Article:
I had the opportunity to attend the 7th UNESCO NGO Forum on May 3-5, and I learned about the experiences of the international non-governmental organisations (NGOs) affiliated with UNESCO.
Representatives of over 350 organisations attended the Forum. It was evident that most of the world’s countries are keen to preserve and protect tangible and intangible folk heritage. A great deal of consideration was given to attempts to make valuable cultural heritage into a commercial commodity for illicit material gain.
Several sources agree that the Rebab, an instrument used to play nostalgic music, spread from the Arabian Peninsula to other areas of the world. The Western historian Henry George Farmer said that a branch of the Salim Tribe of Yemen took the Rebab across the Red Sea to rural areas of Egypt during the second century after Prophet Muhammad’s (PBUH) migration.
Folk discourse is characterised by the audience’s direct response during oral performances. Due to its flexible nature, folk discourse allows for additions and deletions whenever it is performed, so every performance yields a new narration co-authored by the narrator and the audience.
Standardisation is an institutional activity carried out by specialised organisations that are recognised internationally, such as ISO, regionally, such as the European Union, or nationally, such as the Moroccan Standards Institute.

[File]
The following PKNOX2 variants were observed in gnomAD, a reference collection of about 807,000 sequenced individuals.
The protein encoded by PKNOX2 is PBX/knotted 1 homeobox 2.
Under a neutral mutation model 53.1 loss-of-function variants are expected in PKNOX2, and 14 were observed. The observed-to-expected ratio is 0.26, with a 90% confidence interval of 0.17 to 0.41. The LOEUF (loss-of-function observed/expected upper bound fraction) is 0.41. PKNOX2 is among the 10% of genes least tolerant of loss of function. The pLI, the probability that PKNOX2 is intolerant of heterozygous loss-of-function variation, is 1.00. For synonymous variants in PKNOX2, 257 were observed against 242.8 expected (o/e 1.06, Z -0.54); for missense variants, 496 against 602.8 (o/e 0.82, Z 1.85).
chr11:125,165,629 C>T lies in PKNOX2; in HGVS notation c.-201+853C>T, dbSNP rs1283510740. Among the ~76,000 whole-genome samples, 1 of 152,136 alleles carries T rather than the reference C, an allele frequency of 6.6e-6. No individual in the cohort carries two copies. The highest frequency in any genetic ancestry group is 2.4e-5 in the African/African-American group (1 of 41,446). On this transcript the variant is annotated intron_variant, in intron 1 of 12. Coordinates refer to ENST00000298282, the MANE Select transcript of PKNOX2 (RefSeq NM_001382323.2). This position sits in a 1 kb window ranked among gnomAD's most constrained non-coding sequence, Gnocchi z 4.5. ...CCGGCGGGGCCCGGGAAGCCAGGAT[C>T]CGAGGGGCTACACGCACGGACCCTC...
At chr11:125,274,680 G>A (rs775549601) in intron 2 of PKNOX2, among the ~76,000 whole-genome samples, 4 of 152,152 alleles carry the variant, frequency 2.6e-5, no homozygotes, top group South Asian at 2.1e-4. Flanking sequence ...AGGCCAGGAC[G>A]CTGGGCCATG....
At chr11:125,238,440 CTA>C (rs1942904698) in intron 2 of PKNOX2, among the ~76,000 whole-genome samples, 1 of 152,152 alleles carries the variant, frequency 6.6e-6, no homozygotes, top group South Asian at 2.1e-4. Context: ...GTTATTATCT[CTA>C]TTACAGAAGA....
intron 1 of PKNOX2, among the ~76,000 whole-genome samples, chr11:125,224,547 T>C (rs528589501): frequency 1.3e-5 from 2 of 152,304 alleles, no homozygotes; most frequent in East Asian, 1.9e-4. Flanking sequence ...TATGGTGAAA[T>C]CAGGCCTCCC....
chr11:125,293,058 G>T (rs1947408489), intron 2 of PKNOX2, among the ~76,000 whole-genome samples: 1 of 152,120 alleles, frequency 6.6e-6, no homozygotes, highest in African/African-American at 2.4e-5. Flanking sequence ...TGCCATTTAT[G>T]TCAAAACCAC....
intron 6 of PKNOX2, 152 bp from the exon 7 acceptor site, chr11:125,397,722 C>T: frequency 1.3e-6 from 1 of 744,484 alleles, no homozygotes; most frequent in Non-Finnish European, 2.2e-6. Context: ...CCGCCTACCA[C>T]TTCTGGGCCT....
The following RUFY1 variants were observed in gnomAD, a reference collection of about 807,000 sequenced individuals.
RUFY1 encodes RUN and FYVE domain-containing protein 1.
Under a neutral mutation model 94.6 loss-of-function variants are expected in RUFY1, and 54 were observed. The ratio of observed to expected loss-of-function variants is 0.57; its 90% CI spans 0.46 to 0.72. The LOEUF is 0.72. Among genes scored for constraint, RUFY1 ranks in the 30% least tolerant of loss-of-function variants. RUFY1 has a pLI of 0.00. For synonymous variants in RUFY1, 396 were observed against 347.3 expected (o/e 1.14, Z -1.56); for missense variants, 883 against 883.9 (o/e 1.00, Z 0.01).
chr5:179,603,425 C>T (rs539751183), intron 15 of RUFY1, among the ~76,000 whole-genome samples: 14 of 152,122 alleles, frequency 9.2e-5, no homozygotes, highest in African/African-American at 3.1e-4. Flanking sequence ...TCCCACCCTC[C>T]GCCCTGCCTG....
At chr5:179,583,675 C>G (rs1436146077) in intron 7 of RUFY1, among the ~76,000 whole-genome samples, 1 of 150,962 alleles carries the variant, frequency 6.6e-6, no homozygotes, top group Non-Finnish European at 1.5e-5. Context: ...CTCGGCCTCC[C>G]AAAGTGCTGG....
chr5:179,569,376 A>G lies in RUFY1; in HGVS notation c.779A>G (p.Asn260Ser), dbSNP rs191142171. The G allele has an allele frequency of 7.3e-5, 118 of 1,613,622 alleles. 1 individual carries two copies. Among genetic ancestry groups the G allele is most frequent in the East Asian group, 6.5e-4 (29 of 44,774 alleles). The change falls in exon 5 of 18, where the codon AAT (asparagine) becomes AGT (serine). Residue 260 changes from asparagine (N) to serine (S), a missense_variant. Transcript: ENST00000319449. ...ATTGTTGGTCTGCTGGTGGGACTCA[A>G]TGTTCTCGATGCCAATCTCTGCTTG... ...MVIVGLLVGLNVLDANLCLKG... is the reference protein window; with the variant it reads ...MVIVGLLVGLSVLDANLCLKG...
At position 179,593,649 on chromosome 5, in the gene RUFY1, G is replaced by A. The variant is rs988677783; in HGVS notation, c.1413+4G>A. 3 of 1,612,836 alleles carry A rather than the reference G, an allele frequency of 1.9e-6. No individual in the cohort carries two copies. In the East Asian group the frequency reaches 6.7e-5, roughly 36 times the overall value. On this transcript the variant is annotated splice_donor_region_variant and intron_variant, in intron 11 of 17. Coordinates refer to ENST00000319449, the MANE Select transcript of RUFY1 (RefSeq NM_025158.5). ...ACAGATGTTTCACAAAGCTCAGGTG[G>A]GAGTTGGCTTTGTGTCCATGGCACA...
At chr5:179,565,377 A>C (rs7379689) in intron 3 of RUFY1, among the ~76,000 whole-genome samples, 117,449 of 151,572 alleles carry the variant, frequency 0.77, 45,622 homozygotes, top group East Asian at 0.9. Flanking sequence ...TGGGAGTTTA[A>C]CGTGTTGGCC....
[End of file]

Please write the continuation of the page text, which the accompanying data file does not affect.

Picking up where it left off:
One of the most distinctive features of the Djelfa region in central Algeria is what is known as the conciliation group or community, a type of traditional judiciary that has been passed down through the generations. The group, through its members or mediators, has long been responsible for the security and preservation of Djelfa's community and distinctive tribal identity.
Architectural heritage is one component of a society’s identity, and it reflects the society’s customs and traditions. It demonstrates humans’ ability to adapt to their environment, so it is of great value and interest to tourists and local and foreign investors.
This study concludes that it is important to document and classify Tunisian children's games according to multiple variables, including place, time, area, age, gender, number of participants, tools, and rules. The study also involved analysing each variable individually to arrive at useful findings.
From the high mountains of Jarjarah, the plateaus of Sétif and the Biskra valley to the rocky mountains of Tasli, which are inhabited by the blue people known as the Touareg, there are vibrant villages and groups of people who live close to nature. These Amazigh villages, (in Algeria, the people are known as ‘Al Qaba’el’), have a strong relationship with nature, one which has been enhanced over time.
Museums should teach citizens about the social and economic realities of their environment. This includes exposing people to knowledge unavailable at other official institutions. In Africa, museums are places where knowledge about the country's history and its contemporary culture is exchanged. This makes knowledge available to everyone. The museum plays a fundamental role by explaining history and its events, and showcasing the creativity of its people.